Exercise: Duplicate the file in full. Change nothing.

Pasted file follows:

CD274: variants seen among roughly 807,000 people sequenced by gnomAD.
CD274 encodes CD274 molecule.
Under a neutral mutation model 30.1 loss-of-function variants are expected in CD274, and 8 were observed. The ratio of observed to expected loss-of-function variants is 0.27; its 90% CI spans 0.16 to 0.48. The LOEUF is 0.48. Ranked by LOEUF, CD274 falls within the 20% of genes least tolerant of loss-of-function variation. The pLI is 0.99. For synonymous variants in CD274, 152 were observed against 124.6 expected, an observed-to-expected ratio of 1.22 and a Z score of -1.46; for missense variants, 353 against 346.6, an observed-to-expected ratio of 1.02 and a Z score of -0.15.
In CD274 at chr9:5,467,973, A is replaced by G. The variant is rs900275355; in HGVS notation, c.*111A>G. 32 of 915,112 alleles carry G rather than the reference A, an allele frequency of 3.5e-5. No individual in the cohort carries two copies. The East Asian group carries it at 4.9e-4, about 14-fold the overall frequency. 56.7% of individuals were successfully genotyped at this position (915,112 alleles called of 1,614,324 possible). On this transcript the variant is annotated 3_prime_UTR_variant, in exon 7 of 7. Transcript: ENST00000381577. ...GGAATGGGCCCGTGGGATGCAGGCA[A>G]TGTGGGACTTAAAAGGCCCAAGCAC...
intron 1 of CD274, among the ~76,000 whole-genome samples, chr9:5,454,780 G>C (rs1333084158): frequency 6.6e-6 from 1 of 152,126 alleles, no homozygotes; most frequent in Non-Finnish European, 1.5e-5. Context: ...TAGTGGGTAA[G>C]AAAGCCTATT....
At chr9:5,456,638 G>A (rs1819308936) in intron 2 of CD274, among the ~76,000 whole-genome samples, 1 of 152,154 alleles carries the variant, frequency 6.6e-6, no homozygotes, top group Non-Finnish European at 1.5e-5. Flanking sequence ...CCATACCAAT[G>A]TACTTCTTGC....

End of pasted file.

CD274: variants seen among roughly 807,000 people sequenced by gnomAD.
CD274 encodes CD274 molecule.
Under a neutral mutation model 30.1 loss-of-function variants are expected in CD274, and 8 were observed. The ratio of observed to expected loss-of-function variants is 0.27; its 90% CI spans 0.16 to 0.48. The LOEUF is 0.48. Ranked by LOEUF, CD274 falls within the 20% of genes least tolerant of loss-of-function variation. The pLI is 0.99. For synonymous variants in CD274, 152 were observed against 124.6 expected, an observed-to-expected ratio of 1.22 and a Z score of -1.46; for missense variants, 353 against 346.6, an observed-to-expected ratio of 1.02 and a Z score of -0.15.
In CD274 at chr9:5,467,973, A is replaced by G. The variant is rs900275355; in HGVS notation, c.*111A>G. 32 of 915,112 alleles carry G rather than the reference A, an allele frequency of 3.5e-5. No individual in the cohort carries two copies. The East Asian group carries it at 4.9e-4, about 14-fold the overall frequency. 56.7% of individuals were successfully genotyped at this position (915,112 alleles called of 1,614,324 possible). On this transcript the variant is annotated 3_prime_UTR_variant, in exon 7 of 7. Transcript: ENST00000381577. ...GGAATGGGCCCGTGGGATGCAGGCA[A>G]TGTGGGACTTAAAAGGCCCAAGCAC...
intron 1 of CD274, among the ~76,000 whole-genome samples, chr9:5,454,780 G>C (rs1333084158): frequency 6.6e-6 from 1 of 152,126 alleles, no homozygotes; most frequent in Non-Finnish European, 1.5e-5. Context: ...TAGTGGGTAA[G>C]AAAGCCTATT....
At chr9:5,456,638 G>A (rs1819308936) in intron 2 of CD274, among the ~76,000 whole-genome samples, 1 of 152,154 alleles carries the variant, frequency 6.6e-6, no homozygotes, top group Non-Finnish European at 1.5e-5. Flanking sequence ...CCATACCAAT[G>A]TACTTCTTGC....